Protections Increase for Migratory Birds in the Caribbean

Whimbrel deaths prompt lawmakers to tighten restrictions.

Exhausted after battling Hurricane Irene and Tropical Storm Maria on their long flight over the Atlantic Ocean in 2011, two whimbrels approached the Caribbean island of Guadeloupe, an important migratory stopover site. There, hunters legally shot and killed the satellite-tagged birds, named Machi and Goshen. Unfortunately, it’s a common occurrence. “Large numbers of shorebirds are shot annually for sport and sustenance” on Guadeloupe and nearby Martinique, with no regard to species, says Matt Jeffery, program manager of Audubon’s International Alliances Program. The estimated 20,000 annual avian mortalities may contribute to global shorebird declines. The high-profile whimbrel deaths spurred officials to take action. On Martinique, the French government enacted a three- year moratorium on shooting whimbrels and Hudsonian godwits this year. Guadeloupe now has a bag limit of 20 birds per day, per hunter. And on both islands hunting red knots is banned. Poachers face a maximum penalty of six months in prison, a $20,000 fine, and losing their gun. “Changing hunting tradition is hard,” says Jeffery, but the new restrictions are a shot in the right direction.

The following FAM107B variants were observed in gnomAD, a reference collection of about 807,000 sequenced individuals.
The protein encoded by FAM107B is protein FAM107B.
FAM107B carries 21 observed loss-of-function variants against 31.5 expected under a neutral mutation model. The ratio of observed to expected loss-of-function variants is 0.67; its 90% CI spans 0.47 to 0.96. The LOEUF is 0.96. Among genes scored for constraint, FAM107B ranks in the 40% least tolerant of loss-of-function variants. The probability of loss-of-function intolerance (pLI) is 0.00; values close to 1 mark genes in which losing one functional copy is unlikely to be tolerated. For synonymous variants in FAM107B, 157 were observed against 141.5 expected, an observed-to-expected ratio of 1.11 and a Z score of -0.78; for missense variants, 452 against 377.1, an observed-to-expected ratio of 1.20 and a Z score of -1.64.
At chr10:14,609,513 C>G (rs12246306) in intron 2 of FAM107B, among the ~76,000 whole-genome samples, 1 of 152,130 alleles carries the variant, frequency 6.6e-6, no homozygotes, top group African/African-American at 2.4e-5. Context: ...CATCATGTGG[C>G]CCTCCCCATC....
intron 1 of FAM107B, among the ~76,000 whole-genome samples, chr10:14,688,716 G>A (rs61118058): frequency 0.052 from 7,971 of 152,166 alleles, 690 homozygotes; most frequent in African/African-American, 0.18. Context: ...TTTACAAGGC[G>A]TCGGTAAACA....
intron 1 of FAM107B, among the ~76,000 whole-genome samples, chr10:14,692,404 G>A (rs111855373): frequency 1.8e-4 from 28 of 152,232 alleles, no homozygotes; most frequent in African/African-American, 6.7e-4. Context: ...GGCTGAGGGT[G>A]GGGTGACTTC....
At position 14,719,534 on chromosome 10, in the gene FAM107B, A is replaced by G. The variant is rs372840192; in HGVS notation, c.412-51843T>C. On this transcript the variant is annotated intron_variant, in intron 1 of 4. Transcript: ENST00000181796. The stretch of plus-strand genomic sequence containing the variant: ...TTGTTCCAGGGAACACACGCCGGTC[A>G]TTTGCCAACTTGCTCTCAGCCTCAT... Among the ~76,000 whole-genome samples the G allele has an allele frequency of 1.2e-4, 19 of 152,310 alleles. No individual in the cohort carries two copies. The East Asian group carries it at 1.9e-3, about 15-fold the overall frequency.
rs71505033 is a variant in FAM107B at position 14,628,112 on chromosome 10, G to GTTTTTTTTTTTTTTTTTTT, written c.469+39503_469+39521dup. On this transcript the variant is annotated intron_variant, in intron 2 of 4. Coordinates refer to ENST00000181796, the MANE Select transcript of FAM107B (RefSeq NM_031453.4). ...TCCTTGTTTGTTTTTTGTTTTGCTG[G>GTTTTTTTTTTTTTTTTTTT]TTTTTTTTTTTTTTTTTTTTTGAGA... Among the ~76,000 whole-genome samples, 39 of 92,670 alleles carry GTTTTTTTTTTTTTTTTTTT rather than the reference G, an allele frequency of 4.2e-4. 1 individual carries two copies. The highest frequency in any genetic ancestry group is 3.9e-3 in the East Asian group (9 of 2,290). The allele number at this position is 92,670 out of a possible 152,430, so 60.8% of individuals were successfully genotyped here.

This story originally ran in the November-December 2013 issue as "Safer Haven."

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